Life with limited carbaryl use

As of September 20th, 2016 the label for carbaryl (Sevin XLR) changed to meet the PMRA re-evaluation decision. Carbaryl was under evaluation due to the post application risk to growers. Changes to the label are listed in the New Products for Ontario Apple Growers in 2017 article in this newsletter. The most impactful change to the label is that only one application is allowed. This is going to cause great difficulty with thinning programs as many growers use at least two applications. With this label change, other options and thinning programs will need to be considered with less reliance on carbaryl. Perhaps we will have to think beyond chemical fruitlet thinning and look at blossom thinning through caustics like ATS or mechanically.

Alternative fruitlet thinning programs

Thinning with only one application of carbaryl will pose difficulty for growers. Even with full use of carbaryl, fruitlet thinning is very stressful with planning on when to apply, number of applications and how much product to apply based on the weather, fruitlet stage and crop load. If you thin too much, you have a reduced crop. If you thin too little, your crew spends many hours hand thinning, raising your cost of production. Future thinning programs will have to rely less on carbaryl and more on other thinning products available in Ontario:

  • NAA (Fruitone) - The application window for NAA is from petal fall (3-7 mm) to early fruit set (8-10 mm) with NAA being most effective when the king bloom is at 5-10 mm. One application can provide adequate thinning but if needed, make a second application. NAA can be tank mixed with carbaryl on hard-to-thin cultivars but there is risk of pygmy or small fruit on some cultivars like Delicious and Fuji. Do not apply NAA during the same growing season as MaxCel or Cilis Plus as pygmy fruit may result.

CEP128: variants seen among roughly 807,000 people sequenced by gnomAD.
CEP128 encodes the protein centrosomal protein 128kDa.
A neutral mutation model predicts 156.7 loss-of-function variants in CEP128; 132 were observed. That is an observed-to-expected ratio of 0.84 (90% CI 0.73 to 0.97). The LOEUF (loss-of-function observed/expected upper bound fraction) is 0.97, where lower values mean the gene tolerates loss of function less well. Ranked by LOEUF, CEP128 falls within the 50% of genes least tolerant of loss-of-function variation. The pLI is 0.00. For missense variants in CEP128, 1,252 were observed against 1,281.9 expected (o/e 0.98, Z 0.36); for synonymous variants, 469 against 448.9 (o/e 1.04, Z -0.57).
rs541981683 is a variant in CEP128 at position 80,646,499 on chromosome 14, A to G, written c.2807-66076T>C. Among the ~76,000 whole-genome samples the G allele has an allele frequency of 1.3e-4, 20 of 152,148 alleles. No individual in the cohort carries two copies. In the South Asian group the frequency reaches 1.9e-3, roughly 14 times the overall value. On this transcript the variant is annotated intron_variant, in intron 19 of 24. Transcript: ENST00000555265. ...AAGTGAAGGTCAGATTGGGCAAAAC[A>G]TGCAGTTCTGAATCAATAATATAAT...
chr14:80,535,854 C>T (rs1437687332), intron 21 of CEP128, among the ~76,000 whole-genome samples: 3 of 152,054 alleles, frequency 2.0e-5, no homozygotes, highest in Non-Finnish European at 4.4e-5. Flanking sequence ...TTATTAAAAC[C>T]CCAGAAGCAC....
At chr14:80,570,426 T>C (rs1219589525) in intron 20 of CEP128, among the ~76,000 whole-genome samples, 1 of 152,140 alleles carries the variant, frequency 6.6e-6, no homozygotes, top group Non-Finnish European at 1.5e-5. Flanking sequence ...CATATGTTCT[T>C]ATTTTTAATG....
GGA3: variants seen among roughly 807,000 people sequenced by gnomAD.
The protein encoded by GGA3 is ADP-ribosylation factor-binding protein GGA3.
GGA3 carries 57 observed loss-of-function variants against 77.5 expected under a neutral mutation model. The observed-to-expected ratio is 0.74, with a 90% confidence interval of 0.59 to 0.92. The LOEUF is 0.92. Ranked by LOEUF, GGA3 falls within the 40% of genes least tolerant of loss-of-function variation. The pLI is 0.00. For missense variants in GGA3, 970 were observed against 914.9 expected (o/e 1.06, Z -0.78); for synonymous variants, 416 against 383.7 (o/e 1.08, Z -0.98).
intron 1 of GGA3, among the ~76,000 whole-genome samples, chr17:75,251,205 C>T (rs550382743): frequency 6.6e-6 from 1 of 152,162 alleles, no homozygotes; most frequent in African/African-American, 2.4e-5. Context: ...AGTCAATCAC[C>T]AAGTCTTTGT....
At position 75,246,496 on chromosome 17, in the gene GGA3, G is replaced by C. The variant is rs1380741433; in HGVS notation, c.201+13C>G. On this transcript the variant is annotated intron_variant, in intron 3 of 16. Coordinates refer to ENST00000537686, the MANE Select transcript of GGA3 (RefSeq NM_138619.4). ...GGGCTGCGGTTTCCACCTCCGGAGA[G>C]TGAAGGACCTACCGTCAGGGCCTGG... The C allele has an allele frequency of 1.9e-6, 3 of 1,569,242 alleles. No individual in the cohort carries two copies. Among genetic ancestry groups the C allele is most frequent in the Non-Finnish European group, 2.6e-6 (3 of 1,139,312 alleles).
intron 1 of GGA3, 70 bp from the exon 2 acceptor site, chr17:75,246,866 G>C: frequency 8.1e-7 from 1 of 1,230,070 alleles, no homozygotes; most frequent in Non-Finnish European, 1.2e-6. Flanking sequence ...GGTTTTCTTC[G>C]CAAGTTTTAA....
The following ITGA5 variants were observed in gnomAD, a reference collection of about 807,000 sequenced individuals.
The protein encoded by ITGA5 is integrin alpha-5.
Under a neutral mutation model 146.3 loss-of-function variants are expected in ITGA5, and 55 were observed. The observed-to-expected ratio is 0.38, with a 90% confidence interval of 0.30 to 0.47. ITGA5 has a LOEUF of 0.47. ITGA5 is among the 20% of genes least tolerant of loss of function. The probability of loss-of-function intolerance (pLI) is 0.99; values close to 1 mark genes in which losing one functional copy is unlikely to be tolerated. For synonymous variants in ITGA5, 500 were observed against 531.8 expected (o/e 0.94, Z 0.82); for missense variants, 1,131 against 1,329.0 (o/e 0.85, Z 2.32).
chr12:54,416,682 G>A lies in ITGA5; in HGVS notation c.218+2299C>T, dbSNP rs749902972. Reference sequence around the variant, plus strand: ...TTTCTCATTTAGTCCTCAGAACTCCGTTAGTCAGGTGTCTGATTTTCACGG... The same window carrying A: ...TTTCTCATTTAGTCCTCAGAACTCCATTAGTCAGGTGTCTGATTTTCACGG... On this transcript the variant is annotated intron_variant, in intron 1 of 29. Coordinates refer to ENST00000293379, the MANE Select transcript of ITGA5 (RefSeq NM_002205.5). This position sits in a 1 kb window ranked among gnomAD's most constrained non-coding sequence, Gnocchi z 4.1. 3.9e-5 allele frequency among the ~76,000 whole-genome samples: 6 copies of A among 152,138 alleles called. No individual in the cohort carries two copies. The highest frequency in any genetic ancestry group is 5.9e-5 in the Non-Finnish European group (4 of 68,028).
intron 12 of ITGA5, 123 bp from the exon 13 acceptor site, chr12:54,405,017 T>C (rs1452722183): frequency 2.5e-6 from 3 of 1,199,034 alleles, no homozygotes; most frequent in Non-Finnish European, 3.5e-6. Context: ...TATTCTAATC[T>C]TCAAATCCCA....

• 6-BA (Maxcel or Cilis Plus) - Apply 6-BA at 5-15mm. Apply up to two applications for fruit thinning and apply up to 4 applications for improving fruit size. When applying 6-BA to improve fruit size, begin applications at petal fall. 6-BA can be tank mixed with carbaryl on hard-to-thin cultivars.

With only application of Carbaryl allowed, you will have to be strategic with when you should apply it; perhaps as a final spray or with 6-BA or NAA to give those two products more strength.

Chemical blossom thinning

Thinning at blossom time is a widely used technique to manage crop load and improve fruit size in Washington State. Chemical blossom thinning would not be the only method to thinning but a tool in the whole program followed by fruitlet thinning and hand thinning. The advantage to thinning a portion of blossoms off is that earlier on, more carbohydrates will be allocated to the remaining developing fruitlets going through cell division. Caustics are used to thin blossom; ammonium thiosulfate is quite commonly used as well as lime sulphur. The goal of blossom thinning is to apply the product once the king bloom has been fertilized but before the side blooms have been fertilized. Blossom thinning in Ontario and other areas in eastern North America isn't widely adopted because we have a higher risk of frost, as is evident in recent history; having as many blossoms as possible through the bloom period acts as insurance. With limited use of carbaryl, though, it may be a method to consider.

Mechanical blossom thinning

In trials in New York State by Mario Miranda Sazo from Cornell Cooperative Extension and in Ontario by Dr. John Cline and Kendra McClure from the University of Guelph, mechanical blossom thinning (MBT) was evaluated and shown to effectively reduce fruit set. In both of these trials, a Darwin string thinner was used and was also on display at the most recent International Fruit Tree Association (IFTA) Study Tour (Figure 1). It was recommended by Miranda Sazo to use the string thinner at 180 and 200 RPM, not at 240, to reduce damage to spur leaves, reproductive and vegetative structures. Also, allowing the strings to reach into the canopy so that the strings are hitting the trunk and branches, will slow down the momentum of the strings and cause less damage. MaxCel was applied after MBT when fruitlets were 8-10 mm, to improve fruit size in Gala.

A main concern to MBT is the spread of fire blight throughout the orchard. At the IFTA Study Tour in New York, Miranda Sazo found that the incidence or severity of fireblight did not increase with MBT.

Figure 1. A Darwin string thinner used to mechanically thin blossoms

Figure 1. A Darwin string thinner used to mechanically thin blossoms

Thinning presentations at the Ontario Fruit and Vegetable Convention

At the Ontario Fruit and Vegetable Convention, the Apple Program will have Zac Farmer and Charles Stevens, two growers from Durham Region and Sean Bartlett from N.M. Bartlett Inc. speak on their experience and viewpoints on how to manage thinning programs with new carbaryl label changes. Following the panel and lunch, Dr. John Cline will also be speaking on thinning apples without carbaryl.

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